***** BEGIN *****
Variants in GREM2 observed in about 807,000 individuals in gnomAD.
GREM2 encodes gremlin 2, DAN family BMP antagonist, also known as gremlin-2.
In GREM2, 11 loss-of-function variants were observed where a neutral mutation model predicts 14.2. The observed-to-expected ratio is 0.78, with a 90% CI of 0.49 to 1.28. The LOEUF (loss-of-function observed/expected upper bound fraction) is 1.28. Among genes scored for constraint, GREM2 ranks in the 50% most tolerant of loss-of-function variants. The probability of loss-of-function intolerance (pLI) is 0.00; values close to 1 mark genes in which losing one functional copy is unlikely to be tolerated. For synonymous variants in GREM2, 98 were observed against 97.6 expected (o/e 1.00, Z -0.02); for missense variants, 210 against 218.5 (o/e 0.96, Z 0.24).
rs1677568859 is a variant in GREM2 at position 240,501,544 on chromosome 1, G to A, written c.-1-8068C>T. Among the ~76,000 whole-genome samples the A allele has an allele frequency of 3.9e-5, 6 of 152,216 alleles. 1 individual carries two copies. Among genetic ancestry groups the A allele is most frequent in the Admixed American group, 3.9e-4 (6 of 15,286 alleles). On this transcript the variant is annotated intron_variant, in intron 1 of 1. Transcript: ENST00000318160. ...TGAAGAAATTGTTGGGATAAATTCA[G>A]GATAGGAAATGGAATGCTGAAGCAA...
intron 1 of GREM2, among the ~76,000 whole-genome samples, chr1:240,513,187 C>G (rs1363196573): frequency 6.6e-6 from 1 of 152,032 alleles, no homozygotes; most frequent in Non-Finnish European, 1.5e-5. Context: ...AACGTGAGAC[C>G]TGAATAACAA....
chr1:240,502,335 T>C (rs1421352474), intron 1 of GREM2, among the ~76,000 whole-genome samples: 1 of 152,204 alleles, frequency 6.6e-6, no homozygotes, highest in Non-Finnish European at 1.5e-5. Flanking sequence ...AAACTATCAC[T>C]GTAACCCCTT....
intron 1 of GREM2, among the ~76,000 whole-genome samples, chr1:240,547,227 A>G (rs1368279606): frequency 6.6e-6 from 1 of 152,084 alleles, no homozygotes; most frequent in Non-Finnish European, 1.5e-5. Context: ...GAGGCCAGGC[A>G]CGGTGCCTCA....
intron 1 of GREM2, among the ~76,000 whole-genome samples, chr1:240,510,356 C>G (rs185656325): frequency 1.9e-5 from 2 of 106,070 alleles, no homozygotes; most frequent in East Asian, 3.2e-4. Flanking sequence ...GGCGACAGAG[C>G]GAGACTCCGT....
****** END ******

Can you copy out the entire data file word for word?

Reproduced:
Variants in GREM2 observed in about 807,000 individuals in gnomAD.
GREM2 encodes gremlin 2, DAN family BMP antagonist, also known as gremlin-2.
In GREM2, 11 loss-of-function variants were observed where a neutral mutation model predicts 14.2. The observed-to-expected ratio is 0.78, with a 90% CI of 0.49 to 1.28. The LOEUF (loss-of-function observed/expected upper bound fraction) is 1.28. Among genes scored for constraint, GREM2 ranks in the 50% most tolerant of loss-of-function variants. The probability of loss-of-function intolerance (pLI) is 0.00; values close to 1 mark genes in which losing one functional copy is unlikely to be tolerated. For synonymous variants in GREM2, 98 were observed against 97.6 expected (o/e 1.00, Z -0.02); for missense variants, 210 against 218.5 (o/e 0.96, Z 0.24).
rs1677568859 is a variant in GREM2 at position 240,501,544 on chromosome 1, G to A, written c.-1-8068C>T. Among the ~76,000 whole-genome samples the A allele has an allele frequency of 3.9e-5, 6 of 152,216 alleles. 1 individual carries two copies. Among genetic ancestry groups the A allele is most frequent in the Admixed American group, 3.9e-4 (6 of 15,286 alleles). On this transcript the variant is annotated intron_variant, in intron 1 of 1. Transcript: ENST00000318160. ...TGAAGAAATTGTTGGGATAAATTCA[G>A]GATAGGAAATGGAATGCTGAAGCAA...
intron 1 of GREM2, among the ~76,000 whole-genome samples, chr1:240,513,187 C>G (rs1363196573): frequency 6.6e-6 from 1 of 152,032 alleles, no homozygotes; most frequent in Non-Finnish European, 1.5e-5. Context: ...AACGTGAGAC[C>G]TGAATAACAA....
chr1:240,502,335 T>C (rs1421352474), intron 1 of GREM2, among the ~76,000 whole-genome samples: 1 of 152,204 alleles, frequency 6.6e-6, no homozygotes, highest in Non-Finnish European at 1.5e-5. Flanking sequence ...AAACTATCAC[T>C]GTAACCCCTT....
intron 1 of GREM2, among the ~76,000 whole-genome samples, chr1:240,547,227 A>G (rs1368279606): frequency 6.6e-6 from 1 of 152,084 alleles, no homozygotes; most frequent in Non-Finnish European, 1.5e-5. Context: ...GAGGCCAGGC[A>G]CGGTGCCTCA....
intron 1 of GREM2, among the ~76,000 whole-genome samples, chr1:240,510,356 C>G (rs185656325): frequency 1.9e-5 from 2 of 106,070 alleles, no homozygotes; most frequent in East Asian, 3.2e-4. Flanking sequence ...GGCGACAGAG[C>G]GAGACTCCGT....